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Fast Forward 2
edited by Lou Anders
Pyr, 360 pages

Fast Forward 2
Lou Anders
A 2009/2008/2007 Hugo Award nominee, 2008 Philip K. Dick Award nominee, 2007 Chesley Award nominee, and 2006 World Fantasy Award nominee, Lou Anders is the editorial director of Prometheus Books' science fiction and fantasy imprint Pyr, as well as the anthologies including Fast Forward 2 (Pyr, October 2008), Sideways in Crime (Solaris, June 2008), Fast Forward 1(Pyr, February 2007), FutureShocks (Roc, January 2006). In 2000, he served as the Executive Editor of, and before that he worked as the Los Angeles Liaison for Titan Publishing Group. He is the author of The Making of Star Trek: First Contact (Titan Books, 1996), and has published over 500 articles in such magazines as The Believer, Publishers Weekly, and Dreamwatch. His articles and stories have been translated into Danish, Greek, German, Italian and French.

ISFDB Bibliography
SF Site Review: Fast Forward 1
SF Site Review: Projections: Science Fiction in Literature and Film

Past Feature Reviews
A review by Derek Johnson

In 2007 Lou Anders edited Fast Forward, one of the strongest original anthologies that science fiction has seen -- so strong, in fact, that after one closed the book one wondered if Anders would be able to match both the quality and the ambition of that volume in his next. After all, the anthology's very title indicated that Anders wanted to actually incorporate the Campbellian vision into a genre that, for all of its rhetoric about being a literature of the future, too often looks fondly over its shoulder at the trails blazed in the past. Even Dangerous Visions fought to bring the genre up to the speed of the present more than chart a path to the future. But Anders did it; Fast Forward not only met the challenge to look forward, but succeeded. And with Fast Forward 2, his follow-up anthology, Anders not only continues to forge ahead and actually push science fiction into the future, but also position himself as one of the genre's most dynamic and influential editors. A reader looking for the best in contemporary science fiction will find not a wasted story in Fast Forward 2's pages. This is the Stuff.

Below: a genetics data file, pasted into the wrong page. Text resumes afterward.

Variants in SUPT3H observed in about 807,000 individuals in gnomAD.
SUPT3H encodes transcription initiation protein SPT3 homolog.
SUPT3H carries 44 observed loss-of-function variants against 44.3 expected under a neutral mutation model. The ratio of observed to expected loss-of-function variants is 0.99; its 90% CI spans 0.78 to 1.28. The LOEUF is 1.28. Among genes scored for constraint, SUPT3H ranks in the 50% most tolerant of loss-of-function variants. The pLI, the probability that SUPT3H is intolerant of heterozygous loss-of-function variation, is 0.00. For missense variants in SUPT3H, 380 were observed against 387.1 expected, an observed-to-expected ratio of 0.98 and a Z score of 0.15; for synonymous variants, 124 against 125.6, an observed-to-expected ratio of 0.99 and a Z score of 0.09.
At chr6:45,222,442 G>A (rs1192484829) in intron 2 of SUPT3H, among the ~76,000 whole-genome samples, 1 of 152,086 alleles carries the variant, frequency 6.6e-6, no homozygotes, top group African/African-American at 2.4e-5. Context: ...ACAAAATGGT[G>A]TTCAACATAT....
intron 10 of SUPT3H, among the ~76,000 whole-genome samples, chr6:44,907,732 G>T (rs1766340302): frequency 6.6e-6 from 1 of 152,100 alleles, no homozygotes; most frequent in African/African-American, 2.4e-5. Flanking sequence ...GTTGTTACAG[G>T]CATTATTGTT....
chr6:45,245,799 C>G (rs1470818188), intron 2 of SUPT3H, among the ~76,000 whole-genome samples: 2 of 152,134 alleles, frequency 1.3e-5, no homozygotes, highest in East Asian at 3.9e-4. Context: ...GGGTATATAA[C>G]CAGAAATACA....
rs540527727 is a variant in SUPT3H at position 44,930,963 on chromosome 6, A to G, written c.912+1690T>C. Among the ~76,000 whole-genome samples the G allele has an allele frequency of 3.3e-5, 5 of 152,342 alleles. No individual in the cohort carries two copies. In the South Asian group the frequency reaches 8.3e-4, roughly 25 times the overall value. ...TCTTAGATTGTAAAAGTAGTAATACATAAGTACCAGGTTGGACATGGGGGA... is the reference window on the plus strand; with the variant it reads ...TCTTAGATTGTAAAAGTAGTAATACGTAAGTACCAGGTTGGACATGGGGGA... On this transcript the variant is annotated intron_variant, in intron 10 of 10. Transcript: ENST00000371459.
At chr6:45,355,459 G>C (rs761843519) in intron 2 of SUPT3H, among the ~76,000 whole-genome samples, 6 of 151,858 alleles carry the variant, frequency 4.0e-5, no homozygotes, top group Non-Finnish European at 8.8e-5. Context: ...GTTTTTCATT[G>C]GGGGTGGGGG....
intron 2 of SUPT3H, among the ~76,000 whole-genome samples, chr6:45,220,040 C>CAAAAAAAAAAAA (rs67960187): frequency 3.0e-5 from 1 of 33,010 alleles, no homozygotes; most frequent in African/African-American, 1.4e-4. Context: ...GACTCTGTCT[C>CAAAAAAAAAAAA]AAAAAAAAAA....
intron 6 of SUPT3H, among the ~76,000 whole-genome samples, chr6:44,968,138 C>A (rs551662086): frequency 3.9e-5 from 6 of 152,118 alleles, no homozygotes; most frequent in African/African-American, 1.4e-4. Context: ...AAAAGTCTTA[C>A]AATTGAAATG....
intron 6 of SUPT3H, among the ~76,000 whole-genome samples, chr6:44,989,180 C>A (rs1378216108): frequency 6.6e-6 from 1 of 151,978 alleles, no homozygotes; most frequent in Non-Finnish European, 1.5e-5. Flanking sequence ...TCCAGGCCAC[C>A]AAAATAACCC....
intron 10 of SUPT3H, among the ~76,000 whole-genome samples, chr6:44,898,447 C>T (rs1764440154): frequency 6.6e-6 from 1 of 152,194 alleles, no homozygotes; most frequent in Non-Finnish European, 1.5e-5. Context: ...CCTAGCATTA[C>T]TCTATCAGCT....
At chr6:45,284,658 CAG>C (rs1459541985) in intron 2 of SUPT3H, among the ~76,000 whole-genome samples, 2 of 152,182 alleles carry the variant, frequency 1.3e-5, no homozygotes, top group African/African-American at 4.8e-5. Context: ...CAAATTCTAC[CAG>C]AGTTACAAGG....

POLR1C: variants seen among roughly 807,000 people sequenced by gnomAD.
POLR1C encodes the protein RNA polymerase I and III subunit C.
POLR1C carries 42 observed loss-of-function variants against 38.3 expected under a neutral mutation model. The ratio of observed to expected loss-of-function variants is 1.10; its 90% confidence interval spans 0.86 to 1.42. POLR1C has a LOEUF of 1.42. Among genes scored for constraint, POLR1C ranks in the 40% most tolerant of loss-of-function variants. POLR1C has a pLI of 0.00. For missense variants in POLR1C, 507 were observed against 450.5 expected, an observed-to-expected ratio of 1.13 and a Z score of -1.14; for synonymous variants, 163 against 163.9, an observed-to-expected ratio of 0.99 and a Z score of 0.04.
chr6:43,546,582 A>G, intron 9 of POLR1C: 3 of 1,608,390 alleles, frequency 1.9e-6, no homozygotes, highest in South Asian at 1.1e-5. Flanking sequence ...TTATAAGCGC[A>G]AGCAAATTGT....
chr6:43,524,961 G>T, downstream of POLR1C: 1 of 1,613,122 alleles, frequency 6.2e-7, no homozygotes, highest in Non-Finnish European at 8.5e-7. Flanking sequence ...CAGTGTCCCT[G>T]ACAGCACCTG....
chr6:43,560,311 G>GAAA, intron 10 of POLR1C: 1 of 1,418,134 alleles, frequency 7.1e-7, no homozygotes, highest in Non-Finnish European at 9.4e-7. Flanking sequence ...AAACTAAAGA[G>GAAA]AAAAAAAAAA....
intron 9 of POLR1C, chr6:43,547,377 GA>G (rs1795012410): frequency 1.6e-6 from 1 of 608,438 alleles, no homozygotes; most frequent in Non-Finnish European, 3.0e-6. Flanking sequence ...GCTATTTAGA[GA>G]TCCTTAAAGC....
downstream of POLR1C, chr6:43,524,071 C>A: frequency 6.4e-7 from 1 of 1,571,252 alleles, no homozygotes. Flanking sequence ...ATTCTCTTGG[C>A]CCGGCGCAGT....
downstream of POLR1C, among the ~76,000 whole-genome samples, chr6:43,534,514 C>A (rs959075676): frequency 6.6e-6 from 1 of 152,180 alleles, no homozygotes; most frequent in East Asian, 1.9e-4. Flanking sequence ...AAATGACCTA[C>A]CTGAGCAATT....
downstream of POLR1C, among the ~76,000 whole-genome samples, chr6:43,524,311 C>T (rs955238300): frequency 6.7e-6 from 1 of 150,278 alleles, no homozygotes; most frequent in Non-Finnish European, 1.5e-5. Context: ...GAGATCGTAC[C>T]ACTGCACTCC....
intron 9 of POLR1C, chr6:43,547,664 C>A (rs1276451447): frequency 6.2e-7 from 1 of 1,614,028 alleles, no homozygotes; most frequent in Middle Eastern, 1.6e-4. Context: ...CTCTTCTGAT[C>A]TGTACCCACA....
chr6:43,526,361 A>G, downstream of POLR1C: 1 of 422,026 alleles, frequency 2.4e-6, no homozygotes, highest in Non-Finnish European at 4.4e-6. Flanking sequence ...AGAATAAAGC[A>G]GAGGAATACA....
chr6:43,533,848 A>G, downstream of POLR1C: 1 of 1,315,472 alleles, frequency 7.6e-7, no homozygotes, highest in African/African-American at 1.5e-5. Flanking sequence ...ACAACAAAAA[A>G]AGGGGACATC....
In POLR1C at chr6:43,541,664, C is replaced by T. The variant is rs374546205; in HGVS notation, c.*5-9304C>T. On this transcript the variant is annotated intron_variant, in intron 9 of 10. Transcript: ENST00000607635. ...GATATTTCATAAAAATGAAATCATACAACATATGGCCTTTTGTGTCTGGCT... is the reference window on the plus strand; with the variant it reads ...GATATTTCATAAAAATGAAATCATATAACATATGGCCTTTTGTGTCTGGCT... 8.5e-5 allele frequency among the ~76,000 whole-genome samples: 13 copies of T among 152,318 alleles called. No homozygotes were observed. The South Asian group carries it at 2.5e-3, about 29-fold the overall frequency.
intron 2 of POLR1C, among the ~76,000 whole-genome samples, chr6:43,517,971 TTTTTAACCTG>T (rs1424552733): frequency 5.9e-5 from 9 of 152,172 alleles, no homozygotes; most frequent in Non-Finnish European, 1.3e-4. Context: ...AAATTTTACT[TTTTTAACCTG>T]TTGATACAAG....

Anders starts out strong with his introduction. Titled "The Age of Accelerating Returns," where he discusses the genre's ever-increasing popularity and opinions by Joseph Mallozzi, Isaac Asimov, Brian Aldiss and Paolo Bacigalupi of science fiction's purpose (even futurist and The Singularity Is Near author Ray Kurzweil gets a citation) before citing what he sees as science fiction's four purposes: its predictive capability, its preventative possibility, its ability to inspire the future, and being "the literature of the open mind," which "acknowledges change and encourages thinking outside the box." And then presents fourteen tales which promise to do just that.

To be fair, some of the stories keep one eye over their shoulder, but do so with knowledge and maturity that the genre too often lacks, and with concerns that reflect our present. In Nancy Kress's "The Kindness of Strangers," aliens land and begin wiping out many major cities, all to help save us from ourselves. Paul McAuley's ironically titled "Adventure" follows a civil servant who has won passage to an alien planet, only to find the same petty boredom and selfishness that has always followed the human species. Kristine Katherine Rusch flies us to the moon in "SeniorSource," where senior citizens are give a new lease on life by working in space for the titular company; her protagonist must solve a presumed murder or face return to earth and eventual death. "Long Eyes" by Jeff Carlson follows the lone crewperson of a spaceship to an alien planet, to meet a tribe of savage aliens who are, in fact, us. Rich characterization, evocative language and a dollop of lives either examined or lacking examination separate these stories from standard genre fare. Of these, only "SeniorSourse" attempts anything resembling prediction, while "The Kindness of Strangers" falls more firmly into preventative territory.